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Performance issues in java

 
sridhar lakka
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Hi All,
Thanks in advance.
In our project we are using Struts1.0,Jsp,Servlets,Oracle9i,web sphere5.0.
We have completed development, and one of the major and very important requirement is that two consecutive pages timeinterval should be 2 sec.
But it is not working like that.We have followed very good coding rules.
Please tell me what are the different root causes which decreases the performance.

Thanks ,
Sree
 
Jeanne Boyarsky
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Sree,
You need a profiler to see where the time is going. If we guess, you could tune the wrong thing. That said, the biggest bottleneck in a web application is usually the database.
 
sridhar lakka
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Hi,
Thanks a lot for very useful reply.
We are not using any IDE of websphere, I searched on the net for profiler every where they are talking about specific to IDE.
We are using Eclipse and Websphere application server.
Please tell me how to use this profiler in this environment.

Regards,
Sree
 
Jeanne Boyarsky
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Sree,
JProbe supports WebSphere 6.

You can verify/refute the "it's the database" theory with some System.out.printlns() to time that layer too.
 
sridhar lakka
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Hi,
Thanks.
I read that doc in which they are telling that is a paied one.
And we have tested WILY tool but now i need which is better than this.
Please help me out.
Regards,
Sree
 
Jeanne Boyarsky
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Sree,
I recommend starting a new thread in the IDEs and other Tools forum asking specifically about profiling tools. That's where people are most likely to know about this.
 
steve souza
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<<You can verify/refute the "it's the database" theory with some System.out.printlns() to time that layer too.>>
Using the jamon open source jdbc driver is easier than this and it will give you
1) performance of all queries (hits/avg/total/min/max more),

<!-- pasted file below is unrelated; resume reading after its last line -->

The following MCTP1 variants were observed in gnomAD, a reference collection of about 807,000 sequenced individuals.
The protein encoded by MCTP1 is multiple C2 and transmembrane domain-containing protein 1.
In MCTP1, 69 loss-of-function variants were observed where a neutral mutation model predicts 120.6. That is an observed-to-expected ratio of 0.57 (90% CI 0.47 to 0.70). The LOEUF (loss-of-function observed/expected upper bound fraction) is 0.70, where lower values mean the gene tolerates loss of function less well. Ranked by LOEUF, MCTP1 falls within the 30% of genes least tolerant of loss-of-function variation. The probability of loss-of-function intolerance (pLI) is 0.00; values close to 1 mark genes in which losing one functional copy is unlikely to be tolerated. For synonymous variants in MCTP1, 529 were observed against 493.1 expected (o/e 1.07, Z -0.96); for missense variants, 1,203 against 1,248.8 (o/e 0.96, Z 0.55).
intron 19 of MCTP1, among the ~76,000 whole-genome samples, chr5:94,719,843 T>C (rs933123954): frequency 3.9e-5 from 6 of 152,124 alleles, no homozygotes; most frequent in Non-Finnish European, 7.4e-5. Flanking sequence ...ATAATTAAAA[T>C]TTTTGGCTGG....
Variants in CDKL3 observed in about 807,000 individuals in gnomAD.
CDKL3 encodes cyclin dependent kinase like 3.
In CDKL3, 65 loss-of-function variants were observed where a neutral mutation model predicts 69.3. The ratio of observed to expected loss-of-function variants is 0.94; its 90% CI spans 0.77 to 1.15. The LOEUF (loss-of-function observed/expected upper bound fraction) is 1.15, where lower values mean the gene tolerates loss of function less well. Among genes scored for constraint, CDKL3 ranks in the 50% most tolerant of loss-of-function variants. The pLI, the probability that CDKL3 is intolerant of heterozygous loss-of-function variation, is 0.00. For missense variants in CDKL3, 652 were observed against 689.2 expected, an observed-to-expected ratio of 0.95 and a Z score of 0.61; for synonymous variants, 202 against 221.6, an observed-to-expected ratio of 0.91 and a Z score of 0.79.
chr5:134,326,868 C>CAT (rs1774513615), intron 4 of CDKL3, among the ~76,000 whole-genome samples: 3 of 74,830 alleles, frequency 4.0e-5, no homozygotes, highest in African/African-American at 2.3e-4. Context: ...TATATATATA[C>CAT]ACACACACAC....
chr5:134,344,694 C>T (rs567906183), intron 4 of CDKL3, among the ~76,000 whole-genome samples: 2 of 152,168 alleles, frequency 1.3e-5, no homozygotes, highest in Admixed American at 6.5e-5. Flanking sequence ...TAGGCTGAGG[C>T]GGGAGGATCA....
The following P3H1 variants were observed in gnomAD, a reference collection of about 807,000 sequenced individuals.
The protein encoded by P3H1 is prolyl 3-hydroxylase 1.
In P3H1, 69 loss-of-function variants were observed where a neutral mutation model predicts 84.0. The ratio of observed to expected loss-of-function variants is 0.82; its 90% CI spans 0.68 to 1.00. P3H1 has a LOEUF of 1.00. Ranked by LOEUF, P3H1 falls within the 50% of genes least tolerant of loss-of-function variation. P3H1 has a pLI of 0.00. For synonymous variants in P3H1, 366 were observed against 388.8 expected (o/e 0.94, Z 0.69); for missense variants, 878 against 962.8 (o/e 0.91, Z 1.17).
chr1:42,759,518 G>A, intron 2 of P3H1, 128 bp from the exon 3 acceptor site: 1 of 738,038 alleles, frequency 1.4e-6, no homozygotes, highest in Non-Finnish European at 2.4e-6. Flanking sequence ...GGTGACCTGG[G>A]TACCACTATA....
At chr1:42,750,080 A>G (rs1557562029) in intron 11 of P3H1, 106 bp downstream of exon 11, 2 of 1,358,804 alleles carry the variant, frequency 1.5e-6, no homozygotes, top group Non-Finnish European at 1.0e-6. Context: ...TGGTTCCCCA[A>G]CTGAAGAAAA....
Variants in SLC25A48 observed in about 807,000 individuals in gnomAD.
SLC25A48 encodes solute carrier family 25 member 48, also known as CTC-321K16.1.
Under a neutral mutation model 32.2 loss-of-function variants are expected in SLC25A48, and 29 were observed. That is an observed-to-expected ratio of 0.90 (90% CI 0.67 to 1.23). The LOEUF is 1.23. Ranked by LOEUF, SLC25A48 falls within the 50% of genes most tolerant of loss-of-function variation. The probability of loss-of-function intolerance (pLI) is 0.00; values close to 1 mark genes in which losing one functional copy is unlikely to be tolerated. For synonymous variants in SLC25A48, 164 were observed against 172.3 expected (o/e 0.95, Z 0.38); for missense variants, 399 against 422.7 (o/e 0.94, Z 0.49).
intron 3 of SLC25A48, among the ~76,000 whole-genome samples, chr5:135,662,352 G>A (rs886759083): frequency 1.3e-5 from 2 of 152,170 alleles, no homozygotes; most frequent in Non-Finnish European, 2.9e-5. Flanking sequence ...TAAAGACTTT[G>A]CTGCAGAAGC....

2) Performance of all jdbc method calls,
3) If any exceptions are thrown it will track that too

No code changes are needed. Simply use the jamon jdbc driver to wrap the underlying driver. Here is an example. If you need further help let me know. Note JAMon will work with ANY JDBC driver.

JDBC Syntax Without JAMon: An example of how to connect to a database using a JDBC driver follows (The example uses Sybase, but any vendors driver would do)

Class.forName("com.sybase.jdbc2.jdbc.SybDriver");
String url = "jdbc:sybase:Tds:MyServerDNS:2638";
Connection conn = DriverManager.getConnection(url, user, passWord);

JDBC Syntax With JAMon: The following code will use JAMon as a proxy to track performance, but uses the underlying driver to perform the queris (The example uses Sybase, but any vendors driver would do). Note no code changes would be required if connection strings were placed in a configuration file. The JAMon jar file must also be placed in the classpath.

Class.forName("com.jamonapi.proxy.JAMonDriver");
String url = "jdbc:jamon:sybase.Tds:MyServerDNS:2638?jamonrealdriver=com.sybase.jdbc2.jdbc.SybDriver";
Connection conn = DriverManager.getConnection(url, user, passWord);



For more info...
http://jamonapi.sourceforge.net/#WhatsNew22

You can look at the link below for a live demo of the type of data the jamon jdbc driver will give you...
[ May 07, 2007: Message edited by: steve souza ]
 
Brent Sterling
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2 seconds seems like quite an ambitions goal for a web based application. I think my project has requirements of something like 10 seconds for simple pages and 20 seconds for complex ones.

- Brent
 
Jan Cumps
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If 2 seconds is the criterion, then the time needed by the client computer / browser to display your pages, and the network capacity become important factors.
On my computer, 2 seconds is the time that my (already started up) browser needs to display a static html file, text only, from my local c: drive.

Regards, Jan
 
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